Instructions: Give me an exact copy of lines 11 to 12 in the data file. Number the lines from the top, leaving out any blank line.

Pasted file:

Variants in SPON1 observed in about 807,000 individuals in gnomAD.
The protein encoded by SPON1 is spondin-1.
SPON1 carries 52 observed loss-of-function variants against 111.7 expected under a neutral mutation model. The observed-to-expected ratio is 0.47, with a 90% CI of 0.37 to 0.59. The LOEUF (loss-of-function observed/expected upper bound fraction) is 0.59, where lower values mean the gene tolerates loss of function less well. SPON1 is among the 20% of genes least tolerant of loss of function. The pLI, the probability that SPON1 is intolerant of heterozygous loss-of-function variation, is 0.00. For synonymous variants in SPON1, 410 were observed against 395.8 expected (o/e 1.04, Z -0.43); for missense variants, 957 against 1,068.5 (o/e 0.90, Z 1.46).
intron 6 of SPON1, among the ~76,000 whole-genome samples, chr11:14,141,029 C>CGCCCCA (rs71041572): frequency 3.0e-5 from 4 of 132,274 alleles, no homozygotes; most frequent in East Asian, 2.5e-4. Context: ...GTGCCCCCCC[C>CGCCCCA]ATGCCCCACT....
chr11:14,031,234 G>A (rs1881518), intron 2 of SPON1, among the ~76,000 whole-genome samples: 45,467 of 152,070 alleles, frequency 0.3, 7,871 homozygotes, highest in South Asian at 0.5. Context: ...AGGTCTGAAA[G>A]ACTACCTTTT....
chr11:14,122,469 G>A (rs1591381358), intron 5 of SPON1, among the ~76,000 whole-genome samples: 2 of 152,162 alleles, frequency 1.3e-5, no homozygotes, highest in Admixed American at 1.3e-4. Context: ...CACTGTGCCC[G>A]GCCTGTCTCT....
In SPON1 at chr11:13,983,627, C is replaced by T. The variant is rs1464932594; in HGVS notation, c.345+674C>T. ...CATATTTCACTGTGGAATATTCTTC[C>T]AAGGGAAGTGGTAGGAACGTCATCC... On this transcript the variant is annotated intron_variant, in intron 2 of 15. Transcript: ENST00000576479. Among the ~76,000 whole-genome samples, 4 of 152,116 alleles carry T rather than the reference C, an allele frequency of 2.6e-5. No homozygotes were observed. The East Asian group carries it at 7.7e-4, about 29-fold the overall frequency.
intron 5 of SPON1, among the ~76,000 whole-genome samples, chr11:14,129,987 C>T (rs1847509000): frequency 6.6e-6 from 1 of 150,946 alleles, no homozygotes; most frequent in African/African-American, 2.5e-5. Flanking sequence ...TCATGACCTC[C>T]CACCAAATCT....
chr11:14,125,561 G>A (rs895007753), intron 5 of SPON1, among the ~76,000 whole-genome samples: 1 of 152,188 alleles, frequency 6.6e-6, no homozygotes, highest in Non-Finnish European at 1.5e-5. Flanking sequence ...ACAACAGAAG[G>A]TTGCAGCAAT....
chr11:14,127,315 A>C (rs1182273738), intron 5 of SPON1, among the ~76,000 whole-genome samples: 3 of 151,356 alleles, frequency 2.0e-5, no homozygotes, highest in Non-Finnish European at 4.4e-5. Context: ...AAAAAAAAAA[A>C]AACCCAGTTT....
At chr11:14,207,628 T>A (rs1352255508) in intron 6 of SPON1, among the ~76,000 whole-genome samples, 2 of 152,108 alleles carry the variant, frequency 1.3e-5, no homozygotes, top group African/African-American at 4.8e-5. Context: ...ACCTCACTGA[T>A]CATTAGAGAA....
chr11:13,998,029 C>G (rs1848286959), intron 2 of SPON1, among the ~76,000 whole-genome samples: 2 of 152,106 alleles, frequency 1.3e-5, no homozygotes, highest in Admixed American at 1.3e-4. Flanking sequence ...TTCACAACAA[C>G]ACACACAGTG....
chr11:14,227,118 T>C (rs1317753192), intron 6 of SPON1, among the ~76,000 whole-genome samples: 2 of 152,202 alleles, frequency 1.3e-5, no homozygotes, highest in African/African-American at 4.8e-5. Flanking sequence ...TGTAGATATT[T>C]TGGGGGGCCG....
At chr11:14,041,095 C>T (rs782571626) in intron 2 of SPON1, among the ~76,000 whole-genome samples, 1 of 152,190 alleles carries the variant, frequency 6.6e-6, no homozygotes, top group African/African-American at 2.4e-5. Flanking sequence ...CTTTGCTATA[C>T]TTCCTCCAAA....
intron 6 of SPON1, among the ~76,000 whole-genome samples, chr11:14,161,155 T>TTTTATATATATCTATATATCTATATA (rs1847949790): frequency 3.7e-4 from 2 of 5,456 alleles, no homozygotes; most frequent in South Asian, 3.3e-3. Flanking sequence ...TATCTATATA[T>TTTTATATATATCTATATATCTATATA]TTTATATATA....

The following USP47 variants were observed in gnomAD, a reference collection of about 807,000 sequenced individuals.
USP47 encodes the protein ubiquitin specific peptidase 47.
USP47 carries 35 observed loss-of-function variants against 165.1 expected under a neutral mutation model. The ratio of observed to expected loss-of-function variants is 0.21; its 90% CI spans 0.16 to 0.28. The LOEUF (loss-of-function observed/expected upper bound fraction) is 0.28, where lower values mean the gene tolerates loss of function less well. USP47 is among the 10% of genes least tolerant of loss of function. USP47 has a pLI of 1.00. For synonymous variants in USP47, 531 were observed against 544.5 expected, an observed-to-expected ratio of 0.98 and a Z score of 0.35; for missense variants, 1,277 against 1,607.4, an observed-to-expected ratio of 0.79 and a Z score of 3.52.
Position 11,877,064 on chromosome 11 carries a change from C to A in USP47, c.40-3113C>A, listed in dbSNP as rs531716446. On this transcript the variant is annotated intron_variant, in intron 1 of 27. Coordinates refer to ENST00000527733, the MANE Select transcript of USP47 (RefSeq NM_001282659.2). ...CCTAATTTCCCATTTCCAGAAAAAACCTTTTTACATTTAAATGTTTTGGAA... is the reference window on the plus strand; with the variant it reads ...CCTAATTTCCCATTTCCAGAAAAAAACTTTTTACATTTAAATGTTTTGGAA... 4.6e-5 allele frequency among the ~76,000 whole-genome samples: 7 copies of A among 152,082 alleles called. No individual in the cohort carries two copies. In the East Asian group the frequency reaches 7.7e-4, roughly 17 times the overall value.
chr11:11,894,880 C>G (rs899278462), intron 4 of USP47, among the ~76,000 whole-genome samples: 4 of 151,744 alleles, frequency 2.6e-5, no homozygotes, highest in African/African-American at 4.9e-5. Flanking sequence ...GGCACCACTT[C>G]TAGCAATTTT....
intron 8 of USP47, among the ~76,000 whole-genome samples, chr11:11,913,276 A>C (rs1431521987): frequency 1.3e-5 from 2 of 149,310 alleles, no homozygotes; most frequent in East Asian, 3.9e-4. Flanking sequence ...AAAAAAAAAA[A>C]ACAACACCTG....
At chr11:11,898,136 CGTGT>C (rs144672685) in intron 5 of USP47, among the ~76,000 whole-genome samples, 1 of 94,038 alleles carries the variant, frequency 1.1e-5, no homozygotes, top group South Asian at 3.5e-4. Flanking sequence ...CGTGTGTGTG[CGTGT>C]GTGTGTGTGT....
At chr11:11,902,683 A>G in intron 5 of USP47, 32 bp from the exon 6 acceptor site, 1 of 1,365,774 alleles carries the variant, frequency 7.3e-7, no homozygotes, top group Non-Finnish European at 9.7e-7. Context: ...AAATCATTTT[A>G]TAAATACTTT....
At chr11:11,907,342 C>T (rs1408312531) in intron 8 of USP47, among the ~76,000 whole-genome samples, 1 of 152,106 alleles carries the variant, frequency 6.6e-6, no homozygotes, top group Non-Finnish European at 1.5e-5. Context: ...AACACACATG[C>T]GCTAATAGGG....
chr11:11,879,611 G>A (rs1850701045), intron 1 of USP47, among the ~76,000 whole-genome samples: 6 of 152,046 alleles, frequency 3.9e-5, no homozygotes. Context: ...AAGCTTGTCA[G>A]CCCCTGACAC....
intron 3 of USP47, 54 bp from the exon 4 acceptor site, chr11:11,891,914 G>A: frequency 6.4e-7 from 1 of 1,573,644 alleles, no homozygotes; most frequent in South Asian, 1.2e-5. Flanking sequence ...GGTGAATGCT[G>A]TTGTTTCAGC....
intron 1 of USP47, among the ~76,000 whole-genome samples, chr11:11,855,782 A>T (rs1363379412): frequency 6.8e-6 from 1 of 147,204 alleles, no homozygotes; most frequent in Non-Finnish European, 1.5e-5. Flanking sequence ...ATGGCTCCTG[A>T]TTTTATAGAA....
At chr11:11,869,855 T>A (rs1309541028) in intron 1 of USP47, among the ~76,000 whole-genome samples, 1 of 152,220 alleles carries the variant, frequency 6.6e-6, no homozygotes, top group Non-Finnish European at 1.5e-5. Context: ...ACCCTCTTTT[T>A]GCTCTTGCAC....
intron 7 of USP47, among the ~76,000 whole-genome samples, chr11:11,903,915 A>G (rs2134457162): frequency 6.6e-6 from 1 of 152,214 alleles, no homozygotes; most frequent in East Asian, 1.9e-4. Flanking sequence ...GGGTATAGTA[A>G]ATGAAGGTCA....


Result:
At chr11:14,207,628 T>A (rs1352255508) in intron 6 of SPON1, among the ~76,000 whole-genome samples, 2 of 152,108 alleles carry the variant, frequency 1.3e-5, no homozygotes, top group African/African-American at 4.8e-5. Context: ...ACCTCACTGA[T>A]CATTAGAGAA....
chr11:13,998,029 C>G (rs1848286959), intron 2 of SPON1, among the ~76,000 whole-genome samples: 2 of 152,106 alleles, frequency 1.3e-5, no homozygotes, highest in Admixed American at 1.3e-4. Flanking sequence ...TTCACAACAA[C>G]ACACACAGTG....